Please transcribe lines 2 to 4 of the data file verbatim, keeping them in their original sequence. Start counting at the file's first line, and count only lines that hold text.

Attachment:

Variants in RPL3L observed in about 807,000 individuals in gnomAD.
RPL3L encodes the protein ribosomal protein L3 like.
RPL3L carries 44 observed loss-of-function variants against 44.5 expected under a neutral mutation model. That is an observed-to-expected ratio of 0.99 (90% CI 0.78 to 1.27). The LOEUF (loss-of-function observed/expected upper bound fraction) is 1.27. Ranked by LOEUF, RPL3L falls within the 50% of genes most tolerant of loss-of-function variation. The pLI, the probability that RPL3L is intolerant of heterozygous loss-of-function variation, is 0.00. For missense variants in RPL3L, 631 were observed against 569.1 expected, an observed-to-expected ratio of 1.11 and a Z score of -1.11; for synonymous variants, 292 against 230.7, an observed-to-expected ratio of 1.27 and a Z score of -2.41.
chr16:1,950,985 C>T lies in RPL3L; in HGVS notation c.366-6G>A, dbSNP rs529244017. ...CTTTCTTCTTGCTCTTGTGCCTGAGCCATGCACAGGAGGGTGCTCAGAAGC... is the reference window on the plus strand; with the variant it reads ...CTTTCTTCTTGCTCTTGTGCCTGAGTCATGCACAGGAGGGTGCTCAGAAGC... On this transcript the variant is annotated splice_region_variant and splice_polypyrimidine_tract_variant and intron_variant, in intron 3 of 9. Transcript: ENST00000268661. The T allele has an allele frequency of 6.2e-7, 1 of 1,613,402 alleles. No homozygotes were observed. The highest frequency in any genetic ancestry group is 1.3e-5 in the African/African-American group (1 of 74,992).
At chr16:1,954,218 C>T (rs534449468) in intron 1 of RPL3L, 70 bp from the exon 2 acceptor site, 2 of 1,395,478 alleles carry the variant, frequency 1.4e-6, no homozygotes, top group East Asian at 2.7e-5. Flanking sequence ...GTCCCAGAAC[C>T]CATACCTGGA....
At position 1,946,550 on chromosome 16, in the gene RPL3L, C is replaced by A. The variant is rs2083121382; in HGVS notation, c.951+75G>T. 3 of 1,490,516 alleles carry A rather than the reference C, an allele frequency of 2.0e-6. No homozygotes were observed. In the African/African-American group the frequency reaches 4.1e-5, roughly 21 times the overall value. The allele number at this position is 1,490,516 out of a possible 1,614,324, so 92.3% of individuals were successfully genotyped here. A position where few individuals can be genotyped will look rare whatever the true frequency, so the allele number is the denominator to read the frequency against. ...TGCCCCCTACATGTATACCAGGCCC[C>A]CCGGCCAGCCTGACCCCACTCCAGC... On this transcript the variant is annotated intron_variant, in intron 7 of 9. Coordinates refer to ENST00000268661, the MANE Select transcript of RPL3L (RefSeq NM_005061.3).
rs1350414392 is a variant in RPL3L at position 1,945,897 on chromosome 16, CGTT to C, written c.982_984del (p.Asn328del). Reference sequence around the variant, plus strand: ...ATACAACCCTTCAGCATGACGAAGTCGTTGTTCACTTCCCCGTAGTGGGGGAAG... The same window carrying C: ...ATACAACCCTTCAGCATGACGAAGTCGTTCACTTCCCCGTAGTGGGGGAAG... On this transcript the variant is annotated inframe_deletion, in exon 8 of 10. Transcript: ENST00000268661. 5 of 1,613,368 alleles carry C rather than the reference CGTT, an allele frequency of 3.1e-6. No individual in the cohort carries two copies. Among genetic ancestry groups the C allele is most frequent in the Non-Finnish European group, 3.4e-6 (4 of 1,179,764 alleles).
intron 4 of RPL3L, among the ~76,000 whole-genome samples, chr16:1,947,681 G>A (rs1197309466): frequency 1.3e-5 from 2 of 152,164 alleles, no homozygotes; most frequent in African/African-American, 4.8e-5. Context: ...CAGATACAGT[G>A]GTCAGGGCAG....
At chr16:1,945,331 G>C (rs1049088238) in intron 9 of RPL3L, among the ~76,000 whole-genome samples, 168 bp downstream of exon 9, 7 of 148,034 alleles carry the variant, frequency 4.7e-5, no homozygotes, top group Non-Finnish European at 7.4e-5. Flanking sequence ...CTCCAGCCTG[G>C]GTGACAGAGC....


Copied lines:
RPL3L encodes the protein ribosomal protein L3 like.
RPL3L carries 44 observed loss-of-function variants against 44.5 expected under a neutral mutation model. That is an observed-to-expected ratio of 0.99 (90% CI 0.78 to 1.27). The LOEUF (loss-of-function observed/expected upper bound fraction) is 1.27. Ranked by LOEUF, RPL3L falls within the 50% of genes most tolerant of loss-of-function variation. The pLI, the probability that RPL3L is intolerant of heterozygous loss-of-function variation, is 0.00. For missense variants in RPL3L, 631 were observed against 569.1 expected, an observed-to-expected ratio of 1.11 and a Z score of -1.11; for synonymous variants, 292 against 230.7, an observed-to-expected ratio of 1.27 and a Z score of -2.41.
chr16:1,950,985 C>T lies in RPL3L; in HGVS notation c.366-6G>A, dbSNP rs529244017. ...CTTTCTTCTTGCTCTTGTGCCTGAGCCATGCACAGGAGGGTGCTCAGAAGC... is the reference window on the plus strand; with the variant it reads ...CTTTCTTCTTGCTCTTGTGCCTGAGTCATGCACAGGAGGGTGCTCAGAAGC... On this transcript the variant is annotated splice_region_variant and splice_polypyrimidine_tract_variant and intron_variant, in intron 3 of 9. Transcript: ENST00000268661. The T allele has an allele frequency of 6.2e-7, 1 of 1,613,402 alleles. No homozygotes were observed. The highest frequency in any genetic ancestry group is 1.3e-5 in the African/African-American group (1 of 74,992).